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I have a custom Android ContentProvider which stores and retrieves data from a SQLite database.

Let's assume one of the DB tables has an _ID column and a NAME column and a content like this:

|==========|==========|
|   _ID    |   NAME   |
|==========|==========|
|    1     |    d1    |
|    2     |    d2    |
|    3     |    d3    |
|    4     |    d4    |
|==========|==========|

This SQLite DB is kept in sync with a remote database and new data is fetched periodically over the network. The possible operations on the table are as follows:

  1. Existing rows can be deleted
  2. New rows can be added
  3. The NAME column of existing rows can be modified

Let's now assume that all the possible operations happen at once and, after fetching some up-to-date data from a remote server, the new content of this table has to be set as follows:

|==========|==========|
|   _ID    |   NAME   |
|==========|==========|
|    1     |    d7    |
|    3     |    d3    |
|    4     |    d6    |
|    5     |    d5    |
|==========|==========|

There can be two different approaches to do that:

  1. Query the database and check each existing rows to see if they need to be updated, then add any new rows and delete any missing rows - though this method can be a bit tricky in case we want to update the database with a pagination approach and not with a single network fetch
  2. Delete the entire table with a single DELETE SQL command and then add all the rows received from the server

On Android, I am currently implementing the second method with batch operations to maximize the performance:

final ArrayList<ContentProviderOperation> operations = new ArrayList<ContentProviderOperation>();

// with this URI, the content provider deletes all rows
operations.add(ContentProviderOperation.newDelete(Users.CONTENT_URI).build());

final ContentValues values = new ContentValues();
values.put(ID_COLUMN, 1);
values.put(NAME_COLUMN, "d7");
values.put(ID_COLUMN, 3);
values.put(NAME_COLUMN, "d3");
values.put(ID_COLUMN, 4);
values.put(NAME_COLUMN, "d6");
values.put(ID_COLUMN, 5);
values.put(NAME_COLUMN, "d5");

operations.add(ContentProviderOperation.newInsert(Users.CONTENT_URI).withValues(values).build());

getApplicationContext().getContentResolver().applyBatch(MyContentProvider.AUTHORITY, operations);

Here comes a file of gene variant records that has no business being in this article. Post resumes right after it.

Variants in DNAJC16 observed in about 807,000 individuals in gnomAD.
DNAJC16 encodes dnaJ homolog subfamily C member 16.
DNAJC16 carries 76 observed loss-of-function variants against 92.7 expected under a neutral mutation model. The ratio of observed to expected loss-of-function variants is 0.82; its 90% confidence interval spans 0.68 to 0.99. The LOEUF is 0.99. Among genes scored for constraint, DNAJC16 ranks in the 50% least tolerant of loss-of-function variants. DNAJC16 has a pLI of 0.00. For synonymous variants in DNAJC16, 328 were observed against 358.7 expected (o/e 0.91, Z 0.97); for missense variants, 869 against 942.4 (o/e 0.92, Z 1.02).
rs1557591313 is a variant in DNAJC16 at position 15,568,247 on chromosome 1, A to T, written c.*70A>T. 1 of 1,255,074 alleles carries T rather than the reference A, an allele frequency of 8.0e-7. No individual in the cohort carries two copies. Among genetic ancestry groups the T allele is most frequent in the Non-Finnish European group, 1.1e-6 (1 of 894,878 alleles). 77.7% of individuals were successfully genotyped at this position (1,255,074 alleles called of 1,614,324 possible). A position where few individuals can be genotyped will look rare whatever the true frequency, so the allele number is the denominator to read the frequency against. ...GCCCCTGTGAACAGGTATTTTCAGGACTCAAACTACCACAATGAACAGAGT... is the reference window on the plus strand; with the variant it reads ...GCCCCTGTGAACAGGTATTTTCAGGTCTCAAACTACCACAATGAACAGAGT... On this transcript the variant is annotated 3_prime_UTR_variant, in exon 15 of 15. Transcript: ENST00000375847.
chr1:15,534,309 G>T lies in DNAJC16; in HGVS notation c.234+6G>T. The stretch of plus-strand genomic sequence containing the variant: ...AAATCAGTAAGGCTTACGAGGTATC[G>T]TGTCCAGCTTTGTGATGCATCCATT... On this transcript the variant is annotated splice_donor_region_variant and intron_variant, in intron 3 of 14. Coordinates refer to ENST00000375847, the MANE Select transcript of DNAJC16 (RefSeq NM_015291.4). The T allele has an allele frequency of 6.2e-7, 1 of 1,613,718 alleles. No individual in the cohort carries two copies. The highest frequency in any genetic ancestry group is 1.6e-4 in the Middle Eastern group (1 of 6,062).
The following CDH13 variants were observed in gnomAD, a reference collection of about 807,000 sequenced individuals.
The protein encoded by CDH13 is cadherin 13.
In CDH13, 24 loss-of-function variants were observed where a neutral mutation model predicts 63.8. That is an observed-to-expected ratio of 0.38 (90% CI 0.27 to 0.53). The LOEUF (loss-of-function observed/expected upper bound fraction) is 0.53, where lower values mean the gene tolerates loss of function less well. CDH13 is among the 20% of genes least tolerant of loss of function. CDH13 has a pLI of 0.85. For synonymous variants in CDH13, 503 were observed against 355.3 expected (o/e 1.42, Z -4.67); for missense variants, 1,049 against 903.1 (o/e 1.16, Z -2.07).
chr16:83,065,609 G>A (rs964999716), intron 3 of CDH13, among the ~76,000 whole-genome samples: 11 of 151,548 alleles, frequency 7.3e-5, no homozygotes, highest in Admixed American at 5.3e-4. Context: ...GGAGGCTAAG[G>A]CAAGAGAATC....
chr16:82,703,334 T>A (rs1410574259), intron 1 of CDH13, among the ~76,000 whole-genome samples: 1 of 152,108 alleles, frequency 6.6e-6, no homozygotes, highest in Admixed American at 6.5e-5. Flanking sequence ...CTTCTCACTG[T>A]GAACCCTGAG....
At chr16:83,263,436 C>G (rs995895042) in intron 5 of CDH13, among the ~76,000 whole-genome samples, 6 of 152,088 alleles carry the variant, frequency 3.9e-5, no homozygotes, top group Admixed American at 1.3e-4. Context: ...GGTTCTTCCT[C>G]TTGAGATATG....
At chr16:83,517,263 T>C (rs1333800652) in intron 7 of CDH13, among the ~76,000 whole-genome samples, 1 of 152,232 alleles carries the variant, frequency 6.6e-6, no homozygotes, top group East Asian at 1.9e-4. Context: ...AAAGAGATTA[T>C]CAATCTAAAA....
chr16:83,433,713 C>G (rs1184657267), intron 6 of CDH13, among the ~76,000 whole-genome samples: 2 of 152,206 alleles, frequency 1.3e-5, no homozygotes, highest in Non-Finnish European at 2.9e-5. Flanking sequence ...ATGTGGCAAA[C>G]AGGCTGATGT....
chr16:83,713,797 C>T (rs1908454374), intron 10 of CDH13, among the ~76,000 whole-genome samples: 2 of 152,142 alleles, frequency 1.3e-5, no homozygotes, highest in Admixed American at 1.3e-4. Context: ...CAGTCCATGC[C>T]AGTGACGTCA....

Is this the best approach, or would method 1 (or some other method) be better in terms of performance?

EDIT: for example, taking approach 2, an overridden ContentProvider#bulkInsert which uses database transactions could speed up the batch-insert operation a lot: see this question.

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1 Answer

up vote 1 down vote accepted

The best option requires proper API implementation - when you should store some db_version(int or timestamp of last update, or whatever).

And during update server responds with data, and operation type - add, update, delete.

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I'm afraid this is not possible. The server REST API just returns the list of items in a JSON representation and it is client agnostic. No sync-specific information is available from the server. –  Lorenzo Polidori Mar 5 '12 at 11:53
1  
Delete all and insert new items then. –  paiNie Mar 5 '12 at 13:34
1  
Yes, I also think this is the only option in this case. I was just thinking that if I managed to convince the web service guys to add this sync API, this would add much more flexibility. The anchor might be the last modified date and a client could ask the server for all the items that have been added/modified/deleted after a specified date. However, for the deleted items, the server needs to keep track of the deleted items, but how? maybe not actually deleting any items but simply marking them as "deleted" in the database? Wouldn't the DB size grow more then needed in this case? –  Lorenzo Polidori Mar 5 '12 at 13:50
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